Twice Freed- Patricia St John

Synopsis: Onesimus is a slave. Eirene is a rich merchant’s daughter. Onesimus longs to gain his freedom and Eirene’s love. However, he doesn’t realize where true freedom lies. He wants nothing to do with Jesus Christ. His master, Philemon, may follow the teachings of the Christ and his apostle Paul… but Onesimus has other plans.



A slave slaps another. Mention of someone killed by a boar, and of persecuted Christians. Talk of branding slaves; Onesimus is beaten with rods. After an earthquake, Eirene’s father is crushed by a building, and others sustain injury. Archippus is crippled after being trampled by a mob. Onesimus becomes a gladiator, and the battles in the arena are described. He’s wounded when he escapes the arena.



Onesimus and Eirene love each other.



Wine is drunk throughout; someone drugs Onesimus’ drink to steal his money.



As a slave, Onesimus rebels against authority- if not out loud, in his attitude, thoughts and demeanour. Both he and his mother gradually steal money and jewels from their master, and later Onesimus runs away. Later on, he returns to ask forgiveness and accept any punishment.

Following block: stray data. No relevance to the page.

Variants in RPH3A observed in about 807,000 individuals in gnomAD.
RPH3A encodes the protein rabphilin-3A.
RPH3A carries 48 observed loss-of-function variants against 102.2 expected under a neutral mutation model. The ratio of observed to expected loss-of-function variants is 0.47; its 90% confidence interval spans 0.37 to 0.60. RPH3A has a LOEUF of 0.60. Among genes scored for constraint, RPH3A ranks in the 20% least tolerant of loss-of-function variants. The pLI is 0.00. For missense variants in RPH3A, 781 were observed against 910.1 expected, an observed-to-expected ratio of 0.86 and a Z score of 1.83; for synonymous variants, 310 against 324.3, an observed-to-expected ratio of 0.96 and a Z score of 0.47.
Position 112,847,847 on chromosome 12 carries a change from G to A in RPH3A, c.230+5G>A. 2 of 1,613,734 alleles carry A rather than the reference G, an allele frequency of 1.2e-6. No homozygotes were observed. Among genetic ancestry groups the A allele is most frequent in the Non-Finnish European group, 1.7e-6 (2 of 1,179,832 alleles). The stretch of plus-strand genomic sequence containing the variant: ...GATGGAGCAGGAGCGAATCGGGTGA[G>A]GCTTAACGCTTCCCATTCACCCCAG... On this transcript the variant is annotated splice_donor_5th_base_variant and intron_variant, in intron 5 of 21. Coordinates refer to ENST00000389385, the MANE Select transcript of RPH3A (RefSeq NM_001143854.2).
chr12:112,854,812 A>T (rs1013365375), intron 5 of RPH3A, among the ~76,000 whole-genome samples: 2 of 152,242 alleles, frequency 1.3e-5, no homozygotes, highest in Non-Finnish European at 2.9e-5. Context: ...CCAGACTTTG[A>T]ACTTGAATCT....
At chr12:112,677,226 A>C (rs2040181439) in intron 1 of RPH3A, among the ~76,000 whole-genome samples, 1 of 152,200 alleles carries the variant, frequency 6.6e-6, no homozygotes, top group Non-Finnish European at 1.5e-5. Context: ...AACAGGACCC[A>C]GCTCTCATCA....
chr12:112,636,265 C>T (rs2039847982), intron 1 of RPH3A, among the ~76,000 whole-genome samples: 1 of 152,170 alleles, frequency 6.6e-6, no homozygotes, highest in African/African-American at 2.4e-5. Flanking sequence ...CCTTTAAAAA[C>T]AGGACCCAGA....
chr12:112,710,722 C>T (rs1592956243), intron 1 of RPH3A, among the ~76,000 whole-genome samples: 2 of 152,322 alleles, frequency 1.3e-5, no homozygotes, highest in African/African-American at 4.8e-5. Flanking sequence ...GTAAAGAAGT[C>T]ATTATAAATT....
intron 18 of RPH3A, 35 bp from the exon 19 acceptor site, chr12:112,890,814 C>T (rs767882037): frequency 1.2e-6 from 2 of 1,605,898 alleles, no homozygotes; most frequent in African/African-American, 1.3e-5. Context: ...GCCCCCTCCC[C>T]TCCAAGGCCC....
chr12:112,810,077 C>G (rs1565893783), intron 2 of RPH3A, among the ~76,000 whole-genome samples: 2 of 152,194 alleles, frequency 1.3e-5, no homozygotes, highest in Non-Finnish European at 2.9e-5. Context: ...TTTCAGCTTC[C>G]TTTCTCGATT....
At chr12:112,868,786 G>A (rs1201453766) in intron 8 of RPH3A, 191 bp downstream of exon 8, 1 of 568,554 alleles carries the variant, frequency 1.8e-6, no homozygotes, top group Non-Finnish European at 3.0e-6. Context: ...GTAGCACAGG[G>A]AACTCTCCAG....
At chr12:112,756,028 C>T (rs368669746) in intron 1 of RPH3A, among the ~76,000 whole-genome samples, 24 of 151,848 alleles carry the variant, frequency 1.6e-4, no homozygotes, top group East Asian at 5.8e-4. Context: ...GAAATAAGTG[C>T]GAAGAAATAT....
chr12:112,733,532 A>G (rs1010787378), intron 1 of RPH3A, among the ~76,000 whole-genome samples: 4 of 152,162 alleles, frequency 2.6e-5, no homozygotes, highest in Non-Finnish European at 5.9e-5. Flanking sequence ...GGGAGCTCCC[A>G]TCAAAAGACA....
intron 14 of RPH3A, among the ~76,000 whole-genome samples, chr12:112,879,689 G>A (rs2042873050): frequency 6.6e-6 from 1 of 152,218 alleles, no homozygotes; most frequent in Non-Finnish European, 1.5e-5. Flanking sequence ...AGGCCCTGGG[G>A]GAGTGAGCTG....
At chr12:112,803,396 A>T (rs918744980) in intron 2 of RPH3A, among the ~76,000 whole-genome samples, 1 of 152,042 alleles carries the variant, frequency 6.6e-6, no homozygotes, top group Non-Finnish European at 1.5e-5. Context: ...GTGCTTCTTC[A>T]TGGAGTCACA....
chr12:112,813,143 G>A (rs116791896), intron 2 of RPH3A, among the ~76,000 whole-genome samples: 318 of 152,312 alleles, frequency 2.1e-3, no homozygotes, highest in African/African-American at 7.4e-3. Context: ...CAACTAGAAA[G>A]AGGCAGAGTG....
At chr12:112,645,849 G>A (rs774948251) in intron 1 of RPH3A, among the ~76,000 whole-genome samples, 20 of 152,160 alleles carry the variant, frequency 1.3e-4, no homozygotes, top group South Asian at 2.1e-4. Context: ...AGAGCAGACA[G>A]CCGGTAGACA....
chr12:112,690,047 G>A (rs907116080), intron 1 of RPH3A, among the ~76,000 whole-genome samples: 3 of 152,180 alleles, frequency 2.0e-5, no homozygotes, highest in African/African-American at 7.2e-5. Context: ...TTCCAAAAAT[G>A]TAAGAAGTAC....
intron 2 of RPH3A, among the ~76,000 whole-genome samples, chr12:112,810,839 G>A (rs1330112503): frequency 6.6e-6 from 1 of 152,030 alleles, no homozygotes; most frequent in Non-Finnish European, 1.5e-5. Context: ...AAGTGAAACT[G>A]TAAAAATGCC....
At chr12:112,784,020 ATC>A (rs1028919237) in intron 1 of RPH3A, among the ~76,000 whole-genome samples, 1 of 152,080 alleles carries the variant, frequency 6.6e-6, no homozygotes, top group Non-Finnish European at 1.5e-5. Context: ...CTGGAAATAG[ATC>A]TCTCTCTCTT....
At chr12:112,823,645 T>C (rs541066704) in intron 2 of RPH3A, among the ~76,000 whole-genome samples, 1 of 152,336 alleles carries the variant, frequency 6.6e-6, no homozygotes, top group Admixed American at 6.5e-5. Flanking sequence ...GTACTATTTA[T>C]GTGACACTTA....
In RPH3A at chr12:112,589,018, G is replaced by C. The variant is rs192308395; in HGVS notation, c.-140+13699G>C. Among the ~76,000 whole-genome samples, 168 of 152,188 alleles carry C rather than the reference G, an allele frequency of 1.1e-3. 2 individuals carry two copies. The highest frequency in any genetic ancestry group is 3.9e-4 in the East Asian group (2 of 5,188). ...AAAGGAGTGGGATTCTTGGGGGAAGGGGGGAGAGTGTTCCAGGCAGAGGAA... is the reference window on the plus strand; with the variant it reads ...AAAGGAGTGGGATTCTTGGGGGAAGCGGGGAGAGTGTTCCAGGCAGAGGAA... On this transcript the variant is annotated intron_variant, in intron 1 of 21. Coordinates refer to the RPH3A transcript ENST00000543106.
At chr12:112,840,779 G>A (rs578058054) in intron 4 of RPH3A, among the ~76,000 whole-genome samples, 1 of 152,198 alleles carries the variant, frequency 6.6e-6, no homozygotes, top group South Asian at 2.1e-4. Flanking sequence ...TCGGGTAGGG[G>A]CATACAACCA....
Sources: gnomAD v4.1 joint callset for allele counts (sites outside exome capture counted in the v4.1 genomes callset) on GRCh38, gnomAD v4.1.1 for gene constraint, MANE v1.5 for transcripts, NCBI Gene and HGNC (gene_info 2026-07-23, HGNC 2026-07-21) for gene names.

The words gods and goddesses are frequently thrown around and not all of them are sincere.



Various cultures/religions interact- this is a Christian story of love and forgiveness, but we come in contact with Roman and Greek deities and mythology etc. Mention of orgies, and ‘worship’ at temples, with hideous idols, and a variety of different deities throughout the book. To Onesimus, it seemed evil and oppressive.

Stories are told of Jesus and his disciples, and of people believing in an invisible God, Paul befriends Onesimus, and through his testimony, Onesimus comes to face his actions and softens his heart- he hears the message of Christ throughout the book but rejects it until the end.


Overall feel: A story about a hard-hearted boy, laden heavy with guilt, hatred and social barriers who faces various consequences for his actions. He comes to terms with his mistakes. he seeks forgiveness, he learns to love and in loving, find freedom. Elements of Roman worship and arenas are found in the book, but overall the story is one of finding true forgiveness and freedom in God.

Leave a Reply

Fill in your details below or click an icon to log in: Logo

You are commenting using your account. Log Out /  Change )

Google+ photo

You are commenting using your Google+ account. Log Out /  Change )

Twitter picture

You are commenting using your Twitter account. Log Out /  Change )

Facebook photo

You are commenting using your Facebook account. Log Out /  Change )

Connecting to %s